The 250th anniversary of the founding of Rutgers University is a perfect moment for the Rutgers community to reconcile its past, and acknowledge its role in the enslavement and debasement of African Americans and the disfranchisement and elimination of Native American people and culture. The contributors to these volumes offer this history as a usable one—not to tear down or weaken this very renowned, robust, and growing institution—but to strengthen it and help direct its course for the future.

Scarlet and Black, Volume 1: Slavery and Dispossession in Rutgers History

edited by Marisa J. Fuentes and Deborah Gray White

Scarlet and Black Volume 1 Slavery and Dispossession in Rutgers History book cover

Published in 2016, the first volume documents the university’s early history, uncovering how the university benefited from the slave economy and how Rutgers came to own the land it inhabits. Rutgers’ connection to slavery was neither casual nor accidental—nor unusual. Like most early American colleges, Rutgers depended on slaves to build its campuses and serve its students and faculty; it depended on the sale of black people to fund its very existence.

Scarlet and Black, Volume 2: Constructing Race and Gender at Rutgers, 1865-1945

edited by Kendra Boyd, Marisa J. Fuentes, and Deborah Gray White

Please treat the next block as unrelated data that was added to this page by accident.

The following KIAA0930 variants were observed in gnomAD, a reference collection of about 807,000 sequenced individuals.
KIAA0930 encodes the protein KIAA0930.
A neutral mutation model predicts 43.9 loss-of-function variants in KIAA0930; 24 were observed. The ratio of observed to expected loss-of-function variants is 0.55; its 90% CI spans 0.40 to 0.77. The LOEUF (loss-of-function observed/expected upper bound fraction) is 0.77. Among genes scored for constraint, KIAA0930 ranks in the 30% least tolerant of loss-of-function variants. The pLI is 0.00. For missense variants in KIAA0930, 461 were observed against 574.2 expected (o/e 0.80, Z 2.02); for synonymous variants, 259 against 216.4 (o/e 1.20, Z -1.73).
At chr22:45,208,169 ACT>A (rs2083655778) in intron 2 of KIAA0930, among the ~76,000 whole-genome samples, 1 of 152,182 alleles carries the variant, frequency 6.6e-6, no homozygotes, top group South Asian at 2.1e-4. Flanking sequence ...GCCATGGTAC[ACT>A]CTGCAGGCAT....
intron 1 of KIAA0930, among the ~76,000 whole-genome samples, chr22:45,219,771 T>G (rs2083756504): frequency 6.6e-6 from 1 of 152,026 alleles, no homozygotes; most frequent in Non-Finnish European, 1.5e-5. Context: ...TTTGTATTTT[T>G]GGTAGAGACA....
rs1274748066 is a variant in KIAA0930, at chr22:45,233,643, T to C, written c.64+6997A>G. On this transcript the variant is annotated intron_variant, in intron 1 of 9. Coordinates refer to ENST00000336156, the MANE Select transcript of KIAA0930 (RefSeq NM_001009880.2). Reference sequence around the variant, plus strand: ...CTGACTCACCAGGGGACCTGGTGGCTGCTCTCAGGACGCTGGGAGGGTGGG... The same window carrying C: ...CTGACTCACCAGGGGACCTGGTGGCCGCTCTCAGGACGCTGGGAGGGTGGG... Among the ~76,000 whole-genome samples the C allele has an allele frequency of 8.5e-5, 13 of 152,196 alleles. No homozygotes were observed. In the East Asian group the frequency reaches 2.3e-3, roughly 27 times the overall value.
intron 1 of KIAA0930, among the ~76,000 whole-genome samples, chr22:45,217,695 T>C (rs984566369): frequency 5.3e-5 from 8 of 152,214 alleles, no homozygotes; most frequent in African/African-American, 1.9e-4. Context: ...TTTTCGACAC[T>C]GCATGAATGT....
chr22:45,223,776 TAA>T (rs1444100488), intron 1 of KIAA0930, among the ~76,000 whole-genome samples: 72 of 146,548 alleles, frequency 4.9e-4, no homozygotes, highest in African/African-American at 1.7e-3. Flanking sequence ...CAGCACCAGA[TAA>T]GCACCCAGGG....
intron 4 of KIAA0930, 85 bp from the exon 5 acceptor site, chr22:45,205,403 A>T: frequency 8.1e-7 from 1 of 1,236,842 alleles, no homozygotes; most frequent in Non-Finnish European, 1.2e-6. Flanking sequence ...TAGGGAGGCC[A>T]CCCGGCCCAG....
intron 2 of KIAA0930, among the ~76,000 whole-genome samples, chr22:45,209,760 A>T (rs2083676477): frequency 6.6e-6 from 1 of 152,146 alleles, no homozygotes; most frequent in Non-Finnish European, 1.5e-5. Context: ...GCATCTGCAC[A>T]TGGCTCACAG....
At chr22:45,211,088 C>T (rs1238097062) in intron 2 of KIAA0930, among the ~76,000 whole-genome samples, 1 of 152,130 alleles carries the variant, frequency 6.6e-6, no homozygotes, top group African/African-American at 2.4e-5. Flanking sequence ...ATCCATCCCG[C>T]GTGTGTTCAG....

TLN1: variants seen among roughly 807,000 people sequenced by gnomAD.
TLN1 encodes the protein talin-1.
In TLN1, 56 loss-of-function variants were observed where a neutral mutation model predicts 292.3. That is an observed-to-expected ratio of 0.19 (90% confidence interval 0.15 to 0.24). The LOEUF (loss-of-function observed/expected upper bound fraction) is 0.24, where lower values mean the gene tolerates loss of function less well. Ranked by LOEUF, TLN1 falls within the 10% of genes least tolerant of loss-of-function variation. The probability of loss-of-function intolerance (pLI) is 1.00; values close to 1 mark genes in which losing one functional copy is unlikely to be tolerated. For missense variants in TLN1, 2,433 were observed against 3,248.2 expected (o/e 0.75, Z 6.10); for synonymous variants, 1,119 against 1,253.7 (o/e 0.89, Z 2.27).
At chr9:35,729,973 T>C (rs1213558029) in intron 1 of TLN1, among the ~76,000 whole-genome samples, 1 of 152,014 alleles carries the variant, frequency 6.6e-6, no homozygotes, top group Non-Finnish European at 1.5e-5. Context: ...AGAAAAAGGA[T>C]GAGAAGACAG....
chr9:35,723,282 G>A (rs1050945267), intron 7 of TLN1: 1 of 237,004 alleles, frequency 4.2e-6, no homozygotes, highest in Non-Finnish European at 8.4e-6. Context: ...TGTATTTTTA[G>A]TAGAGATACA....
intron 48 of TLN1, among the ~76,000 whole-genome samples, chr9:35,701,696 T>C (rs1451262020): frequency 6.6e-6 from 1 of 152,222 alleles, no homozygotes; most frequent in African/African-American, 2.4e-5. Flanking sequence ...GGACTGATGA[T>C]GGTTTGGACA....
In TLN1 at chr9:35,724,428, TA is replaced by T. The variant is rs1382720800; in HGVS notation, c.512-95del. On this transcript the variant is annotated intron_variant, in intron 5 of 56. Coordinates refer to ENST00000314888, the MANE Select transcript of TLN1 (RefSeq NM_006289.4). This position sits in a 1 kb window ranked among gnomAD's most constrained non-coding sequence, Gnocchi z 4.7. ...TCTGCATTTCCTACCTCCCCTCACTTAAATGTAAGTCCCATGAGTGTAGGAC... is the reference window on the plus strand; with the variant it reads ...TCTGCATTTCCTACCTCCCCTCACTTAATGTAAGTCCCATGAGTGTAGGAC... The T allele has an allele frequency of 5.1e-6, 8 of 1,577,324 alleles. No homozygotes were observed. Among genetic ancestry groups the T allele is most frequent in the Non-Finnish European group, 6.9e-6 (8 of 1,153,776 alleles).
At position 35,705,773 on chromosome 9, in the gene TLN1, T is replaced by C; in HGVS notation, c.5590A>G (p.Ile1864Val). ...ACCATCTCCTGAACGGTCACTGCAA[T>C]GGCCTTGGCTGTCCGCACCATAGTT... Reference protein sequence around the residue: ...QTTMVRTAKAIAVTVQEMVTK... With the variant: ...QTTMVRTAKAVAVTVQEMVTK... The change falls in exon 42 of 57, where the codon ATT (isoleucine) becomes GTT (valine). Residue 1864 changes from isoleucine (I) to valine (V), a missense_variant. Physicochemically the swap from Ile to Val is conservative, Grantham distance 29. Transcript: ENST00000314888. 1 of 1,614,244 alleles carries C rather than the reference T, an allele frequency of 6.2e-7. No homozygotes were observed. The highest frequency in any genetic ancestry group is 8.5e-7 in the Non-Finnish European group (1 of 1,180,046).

Scarlet and Black Volume 2 Constructing Race and Gender at Rutgers 1865-1956 book cover

Scarlet and Black, Volume 2 was published in January 2020. This volume includes an introduction to the period from the end of the Civil War through WWII, an essay on race relations in New Brunswick and the rise of the local Ku Klux Klan, a study of the first black students at Rutgers and New Brunswick Theological Seminary, and profiles of the earliest black women to matriculate at Douglass College.

Scarlet and Black, Volume 3: Making Black Lives Matter at Rutgers, 1945-2020

edited by Miya Carey, Marisa J. Fuentes, and Deborah Gray White 

Scarlet and Black Volume 3 Making Black Lives Matter at Rutgers 1945-2020 book cover

Forthcoming in May 2021, the third volume concludes this groundbreaking documentation and includes essays about Black and Puerto Rican students’ experiences at Livingston College; the Conklin Hall takeover in Newark and the Black Student Unity Movement protests in Camden; the divestment movement against South African apartheid; anti-racism struggles during the 1990s; and the Don Imus controversy and the 2007 Scarlet Knights women’s basketball team.